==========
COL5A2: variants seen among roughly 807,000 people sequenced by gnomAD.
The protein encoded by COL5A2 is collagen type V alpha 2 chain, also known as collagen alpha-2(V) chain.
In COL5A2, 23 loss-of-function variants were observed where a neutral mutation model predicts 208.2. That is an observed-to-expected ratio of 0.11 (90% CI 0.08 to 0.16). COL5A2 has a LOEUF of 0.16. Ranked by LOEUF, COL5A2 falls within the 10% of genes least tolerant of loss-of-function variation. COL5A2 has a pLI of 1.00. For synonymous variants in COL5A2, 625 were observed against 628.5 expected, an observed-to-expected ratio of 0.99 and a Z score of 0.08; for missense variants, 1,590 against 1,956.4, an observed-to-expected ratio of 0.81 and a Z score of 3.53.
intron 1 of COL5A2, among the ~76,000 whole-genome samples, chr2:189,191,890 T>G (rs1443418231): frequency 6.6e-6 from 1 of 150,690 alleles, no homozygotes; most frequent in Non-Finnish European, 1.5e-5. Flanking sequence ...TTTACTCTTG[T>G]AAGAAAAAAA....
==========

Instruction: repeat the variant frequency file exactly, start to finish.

COL5A2: variants seen among roughly 807,000 people sequenced by gnomAD.
The protein encoded by COL5A2 is collagen type V alpha 2 chain, also known as collagen alpha-2(V) chain.
In COL5A2, 23 loss-of-function variants were observed where a neutral mutation model predicts 208.2. That is an observed-to-expected ratio of 0.11 (90% CI 0.08 to 0.16). COL5A2 has a LOEUF of 0.16. Ranked by LOEUF, COL5A2 falls within the 10% of genes least tolerant of loss-of-function variation. COL5A2 has a pLI of 1.00. For synonymous variants in COL5A2, 625 were observed against 628.5 expected, an observed-to-expected ratio of 0.99 and a Z score of 0.08; for missense variants, 1,590 against 1,956.4, an observed-to-expected ratio of 0.81 and a Z score of 3.53.
intron 1 of COL5A2, among the ~76,000 whole-genome samples, chr2:189,191,890 T>G (rs1443418231): frequency 6.6e-6 from 1 of 150,690 alleles, no homozygotes; most frequent in Non-Finnish European, 1.5e-5. Flanking sequence ...TTTACTCTTG[T>G]AAGAAAAAAA....